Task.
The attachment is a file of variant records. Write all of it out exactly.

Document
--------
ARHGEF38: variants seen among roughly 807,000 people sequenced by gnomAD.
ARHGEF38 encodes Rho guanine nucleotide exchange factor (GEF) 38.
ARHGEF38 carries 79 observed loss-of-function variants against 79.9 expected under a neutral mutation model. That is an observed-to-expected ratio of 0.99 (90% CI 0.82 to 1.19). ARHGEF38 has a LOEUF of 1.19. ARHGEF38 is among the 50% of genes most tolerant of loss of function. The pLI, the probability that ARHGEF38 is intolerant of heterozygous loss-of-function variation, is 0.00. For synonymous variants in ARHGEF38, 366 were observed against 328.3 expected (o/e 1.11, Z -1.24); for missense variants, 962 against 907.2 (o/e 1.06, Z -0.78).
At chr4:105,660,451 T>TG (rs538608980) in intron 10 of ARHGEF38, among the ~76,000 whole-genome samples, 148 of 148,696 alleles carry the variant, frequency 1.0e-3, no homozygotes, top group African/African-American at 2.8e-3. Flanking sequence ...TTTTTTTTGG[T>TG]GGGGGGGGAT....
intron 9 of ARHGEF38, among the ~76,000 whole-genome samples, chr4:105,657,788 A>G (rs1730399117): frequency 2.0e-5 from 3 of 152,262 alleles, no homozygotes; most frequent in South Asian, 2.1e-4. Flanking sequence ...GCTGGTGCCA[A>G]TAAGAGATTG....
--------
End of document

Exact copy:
ARHGEF38: variants seen among roughly 807,000 people sequenced by gnomAD.
ARHGEF38 encodes Rho guanine nucleotide exchange factor (GEF) 38.
ARHGEF38 carries 79 observed loss-of-function variants against 79.9 expected under a neutral mutation model. That is an observed-to-expected ratio of 0.99 (90% CI 0.82 to 1.19). ARHGEF38 has a LOEUF of 1.19. ARHGEF38 is among the 50% of genes most tolerant of loss of function. The pLI, the probability that ARHGEF38 is intolerant of heterozygous loss-of-function variation, is 0.00. For synonymous variants in ARHGEF38, 366 were observed against 328.3 expected (o/e 1.11, Z -1.24); for missense variants, 962 against 907.2 (o/e 1.06, Z -0.78).
At chr4:105,660,451 T>TG (rs538608980) in intron 10 of ARHGEF38, among the ~76,000 whole-genome samples, 148 of 148,696 alleles carry the variant, frequency 1.0e-3, no homozygotes, top group African/African-American at 2.8e-3. Flanking sequence ...TTTTTTTTGG[T>TG]GGGGGGGGAT....
intron 9 of ARHGEF38, among the ~76,000 whole-genome samples, chr4:105,657,788 A>G (rs1730399117): frequency 2.0e-5 from 3 of 152,262 alleles, no homozygotes; most frequent in South Asian, 2.1e-4. Flanking sequence ...GCTGGTGCCA[A>G]TAAGAGATTG....